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   Lots of "Patent Professionals" Advice...
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   Author  Topic: Lots of "Patent Professionals" Advice...  (Read 4212 times)
Isaac
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Re: Lots of "Patent Professionals" Advic
« Reply #15 on: Sep 10th, 2005, 8:45am »
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on Sep 10th, 2005, 2:36am, JimIvey; wrote:
Y'know, some business people seem to say "intellectual property" when they really mean "intellectual capital."  Of course, the two are not synonymous.
 
And, to be clear, IP includes patents, trademarks, copyrights, trade secrets, and to some degree unfair competition.  As far as I know, those are the only recognized property rights in intangible assets.  In the examples discussed so far, copyrights and trademarks aren't directly applicable for obvious reasons.
 
Regards.

 
Yes I think the tem "intellectual capital" does a great job of distinguishing between protected and protectable ideas and unprotected ones.   Patents, copyrights, and trademarks are unique exceptions to the principle that competition is an essential part of a free market.   Even trade secrets are not truly an exception  because they are only protected against behavior that is considered unethical anyway.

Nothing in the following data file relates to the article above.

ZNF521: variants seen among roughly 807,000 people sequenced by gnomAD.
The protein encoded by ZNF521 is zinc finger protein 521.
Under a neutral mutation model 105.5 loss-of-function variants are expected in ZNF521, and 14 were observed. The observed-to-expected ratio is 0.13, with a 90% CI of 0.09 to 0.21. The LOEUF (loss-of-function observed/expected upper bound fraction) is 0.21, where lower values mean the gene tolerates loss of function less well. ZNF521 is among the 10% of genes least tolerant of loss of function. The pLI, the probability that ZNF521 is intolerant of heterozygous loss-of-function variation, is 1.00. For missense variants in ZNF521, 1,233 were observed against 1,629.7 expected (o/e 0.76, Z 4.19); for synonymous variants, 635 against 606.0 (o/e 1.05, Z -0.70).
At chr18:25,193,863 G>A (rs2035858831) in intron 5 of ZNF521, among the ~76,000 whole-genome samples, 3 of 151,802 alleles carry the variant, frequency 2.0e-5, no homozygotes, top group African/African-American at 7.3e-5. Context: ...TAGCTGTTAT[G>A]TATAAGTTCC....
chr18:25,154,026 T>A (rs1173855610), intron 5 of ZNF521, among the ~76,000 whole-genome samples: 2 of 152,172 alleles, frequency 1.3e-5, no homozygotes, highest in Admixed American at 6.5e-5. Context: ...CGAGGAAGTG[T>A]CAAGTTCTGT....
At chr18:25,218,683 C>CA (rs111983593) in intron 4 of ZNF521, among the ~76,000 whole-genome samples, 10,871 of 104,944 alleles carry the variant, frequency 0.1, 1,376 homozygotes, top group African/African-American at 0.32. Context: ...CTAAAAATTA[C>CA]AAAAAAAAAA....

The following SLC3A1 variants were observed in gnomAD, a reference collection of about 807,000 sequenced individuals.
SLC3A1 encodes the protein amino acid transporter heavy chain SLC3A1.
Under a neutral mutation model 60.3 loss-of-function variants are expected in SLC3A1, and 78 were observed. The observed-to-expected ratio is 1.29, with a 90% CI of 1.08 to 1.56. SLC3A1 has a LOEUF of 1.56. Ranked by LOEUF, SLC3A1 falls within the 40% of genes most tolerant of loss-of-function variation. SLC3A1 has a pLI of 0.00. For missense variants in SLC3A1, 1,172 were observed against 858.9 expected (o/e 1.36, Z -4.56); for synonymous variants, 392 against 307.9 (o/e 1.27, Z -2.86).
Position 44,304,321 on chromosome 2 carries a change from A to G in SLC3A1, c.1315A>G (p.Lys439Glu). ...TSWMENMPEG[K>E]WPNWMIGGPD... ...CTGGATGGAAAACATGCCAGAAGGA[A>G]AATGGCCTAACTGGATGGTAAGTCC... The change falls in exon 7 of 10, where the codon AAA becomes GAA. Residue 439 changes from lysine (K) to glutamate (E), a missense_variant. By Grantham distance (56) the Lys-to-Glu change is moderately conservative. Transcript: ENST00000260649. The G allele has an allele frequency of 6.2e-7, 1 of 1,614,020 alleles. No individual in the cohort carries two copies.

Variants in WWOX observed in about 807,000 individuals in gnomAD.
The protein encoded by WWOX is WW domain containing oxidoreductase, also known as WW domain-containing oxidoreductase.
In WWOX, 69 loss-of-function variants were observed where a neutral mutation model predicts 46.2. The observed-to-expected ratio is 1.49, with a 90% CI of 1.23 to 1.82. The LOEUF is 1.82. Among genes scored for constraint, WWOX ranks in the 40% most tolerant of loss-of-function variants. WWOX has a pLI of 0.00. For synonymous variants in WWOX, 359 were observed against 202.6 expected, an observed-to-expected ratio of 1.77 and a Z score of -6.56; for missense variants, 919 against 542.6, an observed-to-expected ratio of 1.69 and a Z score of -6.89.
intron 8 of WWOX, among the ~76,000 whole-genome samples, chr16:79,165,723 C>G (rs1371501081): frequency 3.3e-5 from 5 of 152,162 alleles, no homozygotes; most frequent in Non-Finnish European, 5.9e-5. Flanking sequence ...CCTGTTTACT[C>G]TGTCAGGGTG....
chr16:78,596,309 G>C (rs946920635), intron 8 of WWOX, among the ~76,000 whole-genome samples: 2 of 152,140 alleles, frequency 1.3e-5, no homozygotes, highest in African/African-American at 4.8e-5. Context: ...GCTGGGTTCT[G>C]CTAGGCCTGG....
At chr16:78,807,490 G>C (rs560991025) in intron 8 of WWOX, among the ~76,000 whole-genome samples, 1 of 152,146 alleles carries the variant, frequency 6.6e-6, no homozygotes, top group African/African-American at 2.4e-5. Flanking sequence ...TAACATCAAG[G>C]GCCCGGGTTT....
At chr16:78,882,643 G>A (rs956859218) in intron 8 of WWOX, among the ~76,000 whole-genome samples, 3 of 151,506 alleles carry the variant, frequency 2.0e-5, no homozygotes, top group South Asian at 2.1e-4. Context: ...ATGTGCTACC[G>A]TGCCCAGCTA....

The copying of unprotected ideas and inventions is not unethical behavior and copyists who indulge in such behavior are not thieves and scoundrels.  Instead they are capitalist serving the role of making sure the public is not price gouged.
 
That said, I think you're summary about intangible property was a little over zealous.  There are other types of intangible property other than the intellectual property type (for example security interests, stock options, maybe even rights to publicity if we stretch things a bit)
« Last Edit: Sep 10th, 2005, 8:48am by Isaac » IP Logged

Isaac
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Re: Lots of "Patent Professionals" Advic
« Reply #16 on: Sep 11th, 2005, 6:10am »
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on Sep 9th, 2005, 5:12pm, JimIvey wrote:
This is the last time I'll repeat myself.  I've answered all your questions to date.  If you have more questions, go back and read what I've already written.
 
I'm not quibbling.  Quite simply, "intellectual property" is a property right enforceable in court -- any, not just the Supreme Court.  An "idea" is -- quite simply and clearly -- not.  I have no personal stake in this -- this is the law, pure and simple.  If you think ideas, in and of themselves, ought to be protected, talk to your congressperson and see if they'll work to change the law.
 
None of that will protect you anywhere.  There's no such thing as a "provisional patent" and proving you invented first is meaningless outside an interference proceeding the in the USPTO.  "Good enough?"  Well, it's not better than nothing at all, but perhaps nothing at all is "good enough" for your purposes.
 
I'm convinced or vested in no such myth/belief.  But when you say you're "protected", what exactly do you mean?  And, how many of your cartoonish villians do you need to destroy the economic viability of your business?
 
In addition, you "guess" at 1 in 120.  How many times have you approached someone about a licensing deal?  What's the size of your sample for your statistical estimate?